Alaska Facts and History
Did you know that in 1898, Sunrise City was the largest town in Alaska for a short time? Discover how Hope and Sunrise, Alaska were founded in this edition.
Hope, Alaska in 1906
The towns of Hope and Sunrise sprang up as supply centers for stampeders, during the 1895 Turnagain Arm Gold Rush.
The first claim was staked on Resurrection Creek in 1893. And by the Spring of 1896, around 3,000 stampeders arrived by ship on Cook Inlet.
Two settlements sprang up.
The one at the mouth of Resurrection Creek was named Hope. It is believed that Hope may have been named after a prospector named Percy Lee Hope.
At one time, the town of Hope had a population of 200, plus the prospectors who were all over nearby creeks looking for gold.
During that time, Hope had two saloons, two general stores, a brewery, pool hall, restaurant, hotel, post office, school, social hall and a sawmill.
In the photo above is the town of Sunrise
The settlement at the mouth of Sixmile Creek was named Sunrise City. The story behind that name is said to have come from the way the sun appears to rise three times from behind the steep mountains.
Miners had arrived at Sunrise by shallow-draft boats from Turnagain Arm.
During that time, Sunrise City had three saloons, three general stores, a billiard hall, restaurant, hotel, post office, social hall and a ferry service. Sunrise was also the Judicial Center for Cook Inlet.
Share this Edition
You can easily share this edition of Alaska Facts and History with friends and family. And when you do… they will think you’re swell.
Just click on the following link
The Klondike Gold Rush
The Summer of 1897 marked the beginning of the Klondike Gold Rush. But a few thousand of those stampeders also came to Cook Inlet.
In 1898, Sunrise City was the largest town in Alaska. Population numbers vary, but during the Gold Rush, anywhere from 800 to 2,000 people were estimated to be in and around the town.
The Turnagain Arm Gold Rush
By 1906, the Turnagain Arm Gold Rush had produced more than $1 million in gold. But the boom was over.
When the gold rush began winding down, Sunrise was still an important waypoint for the Iditarod Trail System that linked Seward with mining camps in Knik, Iditarod and Nome.
Supplies were still being ferried from Sunrise, to Knik, across Cook Inlet.
Then Came the Railroad
The railroad contributed to the decline of Sunrise.
By the 1930s, only one resident still lived there.
Today, all that remains, is the cemetery.
Hope City and Sunrise City were the oldest Gold Rush towns on the Iditarod Trail, the Government mail route at the time.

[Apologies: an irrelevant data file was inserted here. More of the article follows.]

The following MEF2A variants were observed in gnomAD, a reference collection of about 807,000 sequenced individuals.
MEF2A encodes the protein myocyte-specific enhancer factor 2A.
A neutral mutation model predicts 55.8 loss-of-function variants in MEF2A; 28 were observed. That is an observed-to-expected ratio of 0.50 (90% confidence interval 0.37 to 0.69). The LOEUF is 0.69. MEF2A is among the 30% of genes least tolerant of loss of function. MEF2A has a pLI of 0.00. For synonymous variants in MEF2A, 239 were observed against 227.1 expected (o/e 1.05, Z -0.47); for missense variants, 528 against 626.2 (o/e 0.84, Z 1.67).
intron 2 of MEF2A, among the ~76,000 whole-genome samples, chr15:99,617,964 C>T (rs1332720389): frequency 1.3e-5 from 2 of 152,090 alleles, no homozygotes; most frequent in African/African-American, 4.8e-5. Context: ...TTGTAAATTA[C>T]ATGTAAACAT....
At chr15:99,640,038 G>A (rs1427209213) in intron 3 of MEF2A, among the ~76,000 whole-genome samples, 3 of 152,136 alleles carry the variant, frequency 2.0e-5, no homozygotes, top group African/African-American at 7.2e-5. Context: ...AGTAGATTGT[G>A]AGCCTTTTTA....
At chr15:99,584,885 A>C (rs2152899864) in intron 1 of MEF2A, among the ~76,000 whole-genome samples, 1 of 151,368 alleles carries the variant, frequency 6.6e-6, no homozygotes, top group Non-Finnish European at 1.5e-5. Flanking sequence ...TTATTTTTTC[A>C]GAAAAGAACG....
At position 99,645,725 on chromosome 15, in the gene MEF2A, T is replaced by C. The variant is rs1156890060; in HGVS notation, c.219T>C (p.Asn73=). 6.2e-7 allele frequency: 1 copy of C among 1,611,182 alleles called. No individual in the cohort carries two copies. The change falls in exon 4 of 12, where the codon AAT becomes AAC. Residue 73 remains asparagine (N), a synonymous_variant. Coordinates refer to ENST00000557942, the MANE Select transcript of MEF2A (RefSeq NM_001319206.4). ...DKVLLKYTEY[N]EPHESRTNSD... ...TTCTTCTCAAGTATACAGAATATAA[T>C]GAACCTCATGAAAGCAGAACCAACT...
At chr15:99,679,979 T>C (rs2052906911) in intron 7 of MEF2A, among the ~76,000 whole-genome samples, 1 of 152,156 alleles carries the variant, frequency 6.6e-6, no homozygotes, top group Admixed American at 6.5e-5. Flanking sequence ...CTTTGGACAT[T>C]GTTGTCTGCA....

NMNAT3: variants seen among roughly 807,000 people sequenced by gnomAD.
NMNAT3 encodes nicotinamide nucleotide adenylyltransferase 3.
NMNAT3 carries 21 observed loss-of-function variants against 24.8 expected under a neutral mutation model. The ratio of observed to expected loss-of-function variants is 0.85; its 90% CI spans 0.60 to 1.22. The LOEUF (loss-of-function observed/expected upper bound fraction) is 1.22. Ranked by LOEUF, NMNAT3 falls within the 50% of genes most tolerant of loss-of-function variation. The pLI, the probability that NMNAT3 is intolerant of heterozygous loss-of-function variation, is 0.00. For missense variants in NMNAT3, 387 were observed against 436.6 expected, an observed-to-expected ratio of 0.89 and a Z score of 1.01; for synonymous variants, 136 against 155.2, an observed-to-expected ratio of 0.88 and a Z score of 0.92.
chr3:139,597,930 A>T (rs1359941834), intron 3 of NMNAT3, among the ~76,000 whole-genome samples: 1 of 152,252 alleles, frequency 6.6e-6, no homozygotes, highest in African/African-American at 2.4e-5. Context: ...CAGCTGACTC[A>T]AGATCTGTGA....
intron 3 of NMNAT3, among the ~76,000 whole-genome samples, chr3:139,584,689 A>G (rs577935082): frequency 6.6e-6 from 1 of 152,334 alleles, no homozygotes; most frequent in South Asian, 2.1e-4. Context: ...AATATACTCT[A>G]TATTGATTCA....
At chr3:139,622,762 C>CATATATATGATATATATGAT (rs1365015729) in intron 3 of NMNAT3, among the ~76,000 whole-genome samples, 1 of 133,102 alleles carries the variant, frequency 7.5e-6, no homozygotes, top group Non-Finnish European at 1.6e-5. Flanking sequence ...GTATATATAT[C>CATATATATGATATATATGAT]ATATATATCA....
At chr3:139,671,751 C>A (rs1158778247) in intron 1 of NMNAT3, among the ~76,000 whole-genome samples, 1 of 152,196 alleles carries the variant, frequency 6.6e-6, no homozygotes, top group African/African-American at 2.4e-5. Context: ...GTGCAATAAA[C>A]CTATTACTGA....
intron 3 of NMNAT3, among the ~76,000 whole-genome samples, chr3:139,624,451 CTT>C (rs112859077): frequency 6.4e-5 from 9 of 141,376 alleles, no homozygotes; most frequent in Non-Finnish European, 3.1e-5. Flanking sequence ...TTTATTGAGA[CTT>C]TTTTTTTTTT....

There is more to the story.
Hope remains a populated town to this day. If you’ve never visited Hope, it’s well worth your time. Especially now that you know at least part of the story.
To learn more, take a look at the Hope, Alaska Guide and enjoy
Learn more at the Hope-Sunrise Historical Society and discover
Supporting Your Anchorage Memories VIP Club
Did you know?
When you become a paid member of your Anchorage Memories VIP Club, you also receive special access to the VIP Club Library of Anchorage and Alaska stories, e-books and audio. And, when you become a paid member, you can visit this exclusive library as often as you want to.
Anchorage Memories VIP Club is a reader-supported publication. Please consider becoming a free or paid subscriber.
What our Readers Had to Say
From our story on Gwennie’s Restaurant
“I worked at Gwennie's in Spenard in 1985/86. It was one of several part-time jobs I worked when I first moved to Anchorage. I worked the breakfast shift and had a lot of regulars. My favorite was probably reindeer sausage and eggs, sometimes with pancakes if I was really hungry. The portions were pretty generous, so I filled up fast and usually had to get a doggy box for the rest. I liked the club sandwich too. It's been a long time since I've eaten at Gwennie's. I probably should go in for old times' sake, especially since it's around the corner!”
“Wonderful! I DO remember Gwennie's. It was one of my Dad's favorite places to go when making a trip from Valdez to Anchorage, and we all loved it. I hadn't known that she had given it up and moved on… BUT… I have actually SEEN the Sequim restaurant! My husband and I (living in Aberdeen, WA) drove up that way one summer, and had a look around, and (though we didn't actually eat there), we saw that. I didn't even think that it might be somehow related to the Gwennie's in Anchorage, or I would DEFINITELY have eaten there! Life is strange sometimes, isn't it?”
Get in Touch
Mary and Mike in the photo above.
Did you know the story behind the towns of Hope and Sunrise?
Have you ever visited Hope or the Sunrise cemetery?
Do you have a comment, or just want to say “hello there”? We would love to hear from you.
You can get in touch by replying to this email, or you can Contact Us right now.
Until Next Time
Mike and Mary